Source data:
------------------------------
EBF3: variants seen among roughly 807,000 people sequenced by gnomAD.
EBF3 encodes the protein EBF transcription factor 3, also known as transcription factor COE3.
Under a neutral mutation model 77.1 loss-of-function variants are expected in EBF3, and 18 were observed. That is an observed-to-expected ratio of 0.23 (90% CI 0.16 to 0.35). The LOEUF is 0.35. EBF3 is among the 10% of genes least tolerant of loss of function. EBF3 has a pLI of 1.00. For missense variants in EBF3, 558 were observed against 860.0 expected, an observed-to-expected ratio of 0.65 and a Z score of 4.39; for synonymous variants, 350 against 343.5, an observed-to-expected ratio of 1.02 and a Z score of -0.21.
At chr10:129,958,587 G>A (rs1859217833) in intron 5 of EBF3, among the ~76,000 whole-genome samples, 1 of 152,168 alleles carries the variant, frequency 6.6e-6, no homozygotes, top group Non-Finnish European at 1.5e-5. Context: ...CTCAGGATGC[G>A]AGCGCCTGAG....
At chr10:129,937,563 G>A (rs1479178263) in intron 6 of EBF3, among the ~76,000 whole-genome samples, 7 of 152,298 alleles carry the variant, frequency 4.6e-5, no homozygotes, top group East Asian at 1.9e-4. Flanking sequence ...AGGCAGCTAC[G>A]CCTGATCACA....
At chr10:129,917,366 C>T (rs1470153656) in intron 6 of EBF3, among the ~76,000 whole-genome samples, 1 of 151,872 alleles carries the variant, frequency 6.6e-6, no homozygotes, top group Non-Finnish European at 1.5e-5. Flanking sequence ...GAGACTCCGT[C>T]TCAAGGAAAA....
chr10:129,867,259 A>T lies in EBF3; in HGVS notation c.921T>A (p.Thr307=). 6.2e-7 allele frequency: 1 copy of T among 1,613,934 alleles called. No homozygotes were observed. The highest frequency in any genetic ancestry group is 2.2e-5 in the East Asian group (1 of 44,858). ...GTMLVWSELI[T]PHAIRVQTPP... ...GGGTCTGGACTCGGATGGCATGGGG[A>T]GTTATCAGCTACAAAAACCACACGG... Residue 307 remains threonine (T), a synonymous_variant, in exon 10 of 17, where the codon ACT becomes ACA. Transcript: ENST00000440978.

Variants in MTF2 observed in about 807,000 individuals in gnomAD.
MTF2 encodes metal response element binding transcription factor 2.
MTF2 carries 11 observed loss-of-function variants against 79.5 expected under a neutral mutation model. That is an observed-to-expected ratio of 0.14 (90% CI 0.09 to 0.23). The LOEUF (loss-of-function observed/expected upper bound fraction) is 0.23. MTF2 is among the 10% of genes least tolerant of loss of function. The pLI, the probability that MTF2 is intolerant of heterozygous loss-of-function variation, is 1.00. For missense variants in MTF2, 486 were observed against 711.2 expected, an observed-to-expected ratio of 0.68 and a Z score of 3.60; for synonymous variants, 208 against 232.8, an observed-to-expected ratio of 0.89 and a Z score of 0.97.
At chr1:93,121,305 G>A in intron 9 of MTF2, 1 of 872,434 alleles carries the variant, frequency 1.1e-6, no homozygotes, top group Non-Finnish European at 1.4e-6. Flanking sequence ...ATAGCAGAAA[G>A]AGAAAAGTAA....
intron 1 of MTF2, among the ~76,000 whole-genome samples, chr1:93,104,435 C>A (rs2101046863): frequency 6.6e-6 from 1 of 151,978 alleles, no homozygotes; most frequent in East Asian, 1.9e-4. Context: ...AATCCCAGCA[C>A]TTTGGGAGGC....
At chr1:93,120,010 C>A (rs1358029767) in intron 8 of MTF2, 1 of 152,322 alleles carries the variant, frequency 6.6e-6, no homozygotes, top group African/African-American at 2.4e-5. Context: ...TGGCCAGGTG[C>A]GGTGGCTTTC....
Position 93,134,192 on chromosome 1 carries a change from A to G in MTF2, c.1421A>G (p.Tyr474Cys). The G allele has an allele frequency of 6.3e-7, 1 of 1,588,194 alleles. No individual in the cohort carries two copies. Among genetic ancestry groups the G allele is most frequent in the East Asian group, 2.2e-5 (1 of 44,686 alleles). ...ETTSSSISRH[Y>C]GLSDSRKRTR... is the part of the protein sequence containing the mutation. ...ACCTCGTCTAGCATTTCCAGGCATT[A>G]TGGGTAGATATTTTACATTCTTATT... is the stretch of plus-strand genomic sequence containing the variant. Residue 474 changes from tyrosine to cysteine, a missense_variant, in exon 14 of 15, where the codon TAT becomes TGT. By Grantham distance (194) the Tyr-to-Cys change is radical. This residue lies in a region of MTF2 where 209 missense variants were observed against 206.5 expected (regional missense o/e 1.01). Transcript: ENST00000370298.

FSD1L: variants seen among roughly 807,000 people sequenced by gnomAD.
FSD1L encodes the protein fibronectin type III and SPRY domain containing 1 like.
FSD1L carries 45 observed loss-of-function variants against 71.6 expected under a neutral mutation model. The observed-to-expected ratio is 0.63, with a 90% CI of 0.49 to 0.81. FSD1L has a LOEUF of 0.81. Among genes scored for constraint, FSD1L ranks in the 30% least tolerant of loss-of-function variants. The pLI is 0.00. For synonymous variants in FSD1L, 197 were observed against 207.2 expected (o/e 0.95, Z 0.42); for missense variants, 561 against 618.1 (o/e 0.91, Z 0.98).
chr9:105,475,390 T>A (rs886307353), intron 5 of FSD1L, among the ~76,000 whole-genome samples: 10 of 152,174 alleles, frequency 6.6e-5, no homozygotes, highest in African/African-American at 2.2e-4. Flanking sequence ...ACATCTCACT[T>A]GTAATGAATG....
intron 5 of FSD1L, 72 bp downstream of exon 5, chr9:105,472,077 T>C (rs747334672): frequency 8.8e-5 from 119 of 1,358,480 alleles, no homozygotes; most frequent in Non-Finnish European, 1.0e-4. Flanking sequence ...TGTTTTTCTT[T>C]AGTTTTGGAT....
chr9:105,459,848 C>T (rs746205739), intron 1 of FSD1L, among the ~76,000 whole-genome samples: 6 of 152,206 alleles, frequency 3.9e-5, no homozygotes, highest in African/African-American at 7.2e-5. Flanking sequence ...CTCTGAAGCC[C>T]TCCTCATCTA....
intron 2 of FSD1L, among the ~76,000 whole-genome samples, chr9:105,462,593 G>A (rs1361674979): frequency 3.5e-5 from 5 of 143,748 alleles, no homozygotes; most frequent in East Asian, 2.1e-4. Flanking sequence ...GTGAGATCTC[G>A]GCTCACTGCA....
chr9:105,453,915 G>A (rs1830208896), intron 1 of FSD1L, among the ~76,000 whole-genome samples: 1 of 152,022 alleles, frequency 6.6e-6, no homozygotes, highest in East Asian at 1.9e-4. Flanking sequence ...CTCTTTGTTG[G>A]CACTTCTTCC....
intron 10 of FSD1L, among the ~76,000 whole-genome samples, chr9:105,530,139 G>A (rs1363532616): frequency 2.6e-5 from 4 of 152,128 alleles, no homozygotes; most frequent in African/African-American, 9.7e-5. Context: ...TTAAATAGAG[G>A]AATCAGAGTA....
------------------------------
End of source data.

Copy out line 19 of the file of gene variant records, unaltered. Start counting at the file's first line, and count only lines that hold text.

intron 5 of FSD1L, 72 bp downstream of exon 5, chr9:105,472,077 T>C (rs747334672): frequency 8.8e-5 from 119 of 1,358,480 alleles, no homozygotes; most frequent in Non-Finnish European, 1.0e-4. Flanking sequence ...TGTTTTTCTT[T>C]AGTTTTGGAT....